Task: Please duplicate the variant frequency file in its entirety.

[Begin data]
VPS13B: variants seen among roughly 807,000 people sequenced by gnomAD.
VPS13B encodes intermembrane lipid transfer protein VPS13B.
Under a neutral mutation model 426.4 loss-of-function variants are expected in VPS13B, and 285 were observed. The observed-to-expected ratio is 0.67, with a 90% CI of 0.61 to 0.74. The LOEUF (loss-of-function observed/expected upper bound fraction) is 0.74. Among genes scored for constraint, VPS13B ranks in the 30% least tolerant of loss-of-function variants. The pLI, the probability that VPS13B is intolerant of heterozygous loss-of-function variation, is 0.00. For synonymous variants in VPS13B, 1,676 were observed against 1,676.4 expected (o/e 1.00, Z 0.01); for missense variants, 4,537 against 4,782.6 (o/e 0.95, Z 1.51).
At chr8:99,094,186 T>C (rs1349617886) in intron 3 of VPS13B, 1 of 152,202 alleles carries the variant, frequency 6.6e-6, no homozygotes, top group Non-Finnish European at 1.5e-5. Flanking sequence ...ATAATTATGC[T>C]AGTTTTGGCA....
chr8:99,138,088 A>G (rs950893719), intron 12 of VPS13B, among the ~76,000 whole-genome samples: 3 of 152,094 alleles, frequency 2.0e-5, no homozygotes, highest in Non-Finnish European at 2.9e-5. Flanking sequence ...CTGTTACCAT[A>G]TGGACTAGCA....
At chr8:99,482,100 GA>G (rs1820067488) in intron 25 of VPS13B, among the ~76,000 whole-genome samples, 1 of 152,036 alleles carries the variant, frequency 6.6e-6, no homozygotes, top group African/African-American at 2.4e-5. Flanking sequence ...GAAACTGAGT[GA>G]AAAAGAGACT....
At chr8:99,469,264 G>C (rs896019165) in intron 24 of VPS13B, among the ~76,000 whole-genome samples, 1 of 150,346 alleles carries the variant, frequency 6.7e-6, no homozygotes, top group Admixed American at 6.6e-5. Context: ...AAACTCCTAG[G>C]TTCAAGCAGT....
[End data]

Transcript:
VPS13B: variants seen among roughly 807,000 people sequenced by gnomAD.
VPS13B encodes intermembrane lipid transfer protein VPS13B.
Under a neutral mutation model 426.4 loss-of-function variants are expected in VPS13B, and 285 were observed. The observed-to-expected ratio is 0.67, with a 90% CI of 0.61 to 0.74. The LOEUF (loss-of-function observed/expected upper bound fraction) is 0.74. Among genes scored for constraint, VPS13B ranks in the 30% least tolerant of loss-of-function variants. The pLI, the probability that VPS13B is intolerant of heterozygous loss-of-function variation, is 0.00. For synonymous variants in VPS13B, 1,676 were observed against 1,676.4 expected (o/e 1.00, Z 0.01); for missense variants, 4,537 against 4,782.6 (o/e 0.95, Z 1.51).
At chr8:99,094,186 T>C (rs1349617886) in intron 3 of VPS13B, 1 of 152,202 alleles carries the variant, frequency 6.6e-6, no homozygotes, top group Non-Finnish European at 1.5e-5. Flanking sequence ...ATAATTATGC[T>C]AGTTTTGGCA....
chr8:99,138,088 A>G (rs950893719), intron 12 of VPS13B, among the ~76,000 whole-genome samples: 3 of 152,094 alleles, frequency 2.0e-5, no homozygotes, highest in Non-Finnish European at 2.9e-5. Flanking sequence ...CTGTTACCAT[A>G]TGGACTAGCA....
At chr8:99,482,100 GA>G (rs1820067488) in intron 25 of VPS13B, among the ~76,000 whole-genome samples, 1 of 152,036 alleles carries the variant, frequency 6.6e-6, no homozygotes, top group African/African-American at 2.4e-5. Flanking sequence ...GAAACTGAGT[GA>G]AAAAGAGACT....
At chr8:99,469,264 G>C (rs896019165) in intron 24 of VPS13B, among the ~76,000 whole-genome samples, 1 of 150,346 alleles carries the variant, frequency 6.7e-6, no homozygotes, top group Admixed American at 6.6e-5. Context: ...AAACTCCTAG[G>C]TTCAAGCAGT....